Mt. Fremont Lookout & Burroughs Mountains, Mt. Rainier National Park Trip Report
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September 15, 2002
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John is an avid hiker, spending a goodly portion of his time up in the hills, or sitting in front of a computer. Either way, most of what finds his eye is green, or blue, - organic, or lcd. John likes this website, hopes you do too, and invites you to write a review of a couple hikes you've done!
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I live in Federal Way, WA and I enjoy getting out into the great outdoors and hiking and would someday like to make it to the top of Mt. Rainier. When I can't get outside, I'm the IS manager at a marketing firm in Kent.
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Directions: From Enumclaw drive 43 miles east on Highway 410 to the Mount Rainier National Park White River Entrance Station. Proceed to Sunrise Road and follow it 17 miles west to the large parking lot and visitor center at the roads end. The trailhead is on the south side of the parking lot. Note: Sunrise Road usually doesnt open until early July.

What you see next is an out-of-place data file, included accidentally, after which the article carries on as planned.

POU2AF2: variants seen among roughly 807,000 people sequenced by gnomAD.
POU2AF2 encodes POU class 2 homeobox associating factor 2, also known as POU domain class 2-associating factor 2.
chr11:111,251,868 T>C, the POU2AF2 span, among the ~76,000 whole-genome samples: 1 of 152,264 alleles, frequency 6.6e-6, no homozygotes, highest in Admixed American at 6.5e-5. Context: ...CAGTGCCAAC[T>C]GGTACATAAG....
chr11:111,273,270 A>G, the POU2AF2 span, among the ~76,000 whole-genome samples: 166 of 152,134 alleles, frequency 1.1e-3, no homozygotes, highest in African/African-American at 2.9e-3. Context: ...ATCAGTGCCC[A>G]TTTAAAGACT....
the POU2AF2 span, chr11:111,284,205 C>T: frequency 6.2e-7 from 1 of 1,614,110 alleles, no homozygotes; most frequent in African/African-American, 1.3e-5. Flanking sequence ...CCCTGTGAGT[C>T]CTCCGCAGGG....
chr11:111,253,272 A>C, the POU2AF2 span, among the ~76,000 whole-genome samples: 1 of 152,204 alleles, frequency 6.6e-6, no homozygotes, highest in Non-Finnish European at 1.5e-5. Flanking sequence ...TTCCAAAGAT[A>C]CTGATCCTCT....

Trail notes Burroughs Mountain: Double Jeopardy. Burroughs Mountain is one of Rainiers most spectacular alpine walks. Its also the trail that is most-often underestimated by day hikers. The route crosses a large snowfield that usually does not melt until early August, if at all. You might consider an alternative if you are uncomfortable with crossing snow with an ice ax. The snow notwithstanding, Burroughs Mountain is a great experience. The trail begins by skirting Shadow lake to Sunrise Camp and then shoots up sharply to a viewpoint with an awesome vantage point of the Emmons Glacier and moraine. Continuing up the ridgeline, cross the snowfield and climb to First Burroughs Mountain (7,300 feet), where the trail joins with a path to Frozen lake at about 2.8 miles. Continuing upward, you find a magnificent, fragile tundra environment, considered the best of its kind in the Northwest Do not for any reason venture off the trail. The plants you stomp on will take as long to grow back as youll be alive, which might not be long, if youre spotted lurching through the meadows by a backcountry ranger. Second Burroughs Mountain (elevation 7,400 feet) is about half a mile beyond the first. The views are stupendous. For the return trip you have three choices: the way you came, the Frozen lake route via Sourdough Ridge or dropping sharply south to the Glacier Basin Trail and then walking a section of the Wonderland Trail back to your vehicle.